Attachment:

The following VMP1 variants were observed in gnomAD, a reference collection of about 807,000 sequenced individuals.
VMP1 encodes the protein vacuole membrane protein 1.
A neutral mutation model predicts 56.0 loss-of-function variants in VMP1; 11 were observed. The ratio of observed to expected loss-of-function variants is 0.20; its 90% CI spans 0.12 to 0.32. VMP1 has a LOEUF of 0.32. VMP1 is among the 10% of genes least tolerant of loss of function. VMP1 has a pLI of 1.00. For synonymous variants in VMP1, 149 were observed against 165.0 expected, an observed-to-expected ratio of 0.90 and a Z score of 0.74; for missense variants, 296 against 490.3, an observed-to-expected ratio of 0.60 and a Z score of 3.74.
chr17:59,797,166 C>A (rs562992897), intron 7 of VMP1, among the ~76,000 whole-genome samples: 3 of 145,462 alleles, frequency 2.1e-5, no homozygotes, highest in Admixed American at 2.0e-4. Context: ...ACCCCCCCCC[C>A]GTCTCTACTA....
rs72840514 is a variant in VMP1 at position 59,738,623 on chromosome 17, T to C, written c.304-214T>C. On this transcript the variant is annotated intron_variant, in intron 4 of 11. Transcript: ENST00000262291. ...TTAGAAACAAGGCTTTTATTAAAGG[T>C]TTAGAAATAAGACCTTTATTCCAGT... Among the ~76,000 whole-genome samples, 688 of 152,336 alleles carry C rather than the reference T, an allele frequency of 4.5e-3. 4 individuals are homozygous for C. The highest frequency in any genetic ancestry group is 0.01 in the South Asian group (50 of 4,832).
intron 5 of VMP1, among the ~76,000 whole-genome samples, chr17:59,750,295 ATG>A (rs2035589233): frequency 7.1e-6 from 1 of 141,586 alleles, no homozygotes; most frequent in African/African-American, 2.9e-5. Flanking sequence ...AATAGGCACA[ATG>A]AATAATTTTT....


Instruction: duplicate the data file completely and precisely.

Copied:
The following VMP1 variants were observed in gnomAD, a reference collection of about 807,000 sequenced individuals.
VMP1 encodes the protein vacuole membrane protein 1.
A neutral mutation model predicts 56.0 loss-of-function variants in VMP1; 11 were observed. The ratio of observed to expected loss-of-function variants is 0.20; its 90% CI spans 0.12 to 0.32. VMP1 has a LOEUF of 0.32. VMP1 is among the 10% of genes least tolerant of loss of function. VMP1 has a pLI of 1.00. For synonymous variants in VMP1, 149 were observed against 165.0 expected, an observed-to-expected ratio of 0.90 and a Z score of 0.74; for missense variants, 296 against 490.3, an observed-to-expected ratio of 0.60 and a Z score of 3.74.
chr17:59,797,166 C>A (rs562992897), intron 7 of VMP1, among the ~76,000 whole-genome samples: 3 of 145,462 alleles, frequency 2.1e-5, no homozygotes, highest in Admixed American at 2.0e-4. Context: ...ACCCCCCCCC[C>A]GTCTCTACTA....
rs72840514 is a variant in VMP1 at position 59,738,623 on chromosome 17, T to C, written c.304-214T>C. On this transcript the variant is annotated intron_variant, in intron 4 of 11. Transcript: ENST00000262291. ...TTAGAAACAAGGCTTTTATTAAAGG[T>C]TTAGAAATAAGACCTTTATTCCAGT... Among the ~76,000 whole-genome samples, 688 of 152,336 alleles carry C rather than the reference T, an allele frequency of 4.5e-3. 4 individuals are homozygous for C. The highest frequency in any genetic ancestry group is 0.01 in the South Asian group (50 of 4,832).
intron 5 of VMP1, among the ~76,000 whole-genome samples, chr17:59,750,295 ATG>A (rs2035589233): frequency 7.1e-6 from 1 of 141,586 alleles, no homozygotes; most frequent in African/African-American, 2.9e-5. Flanking sequence ...AATAGGCACA[ATG>A]AATAATTTTT....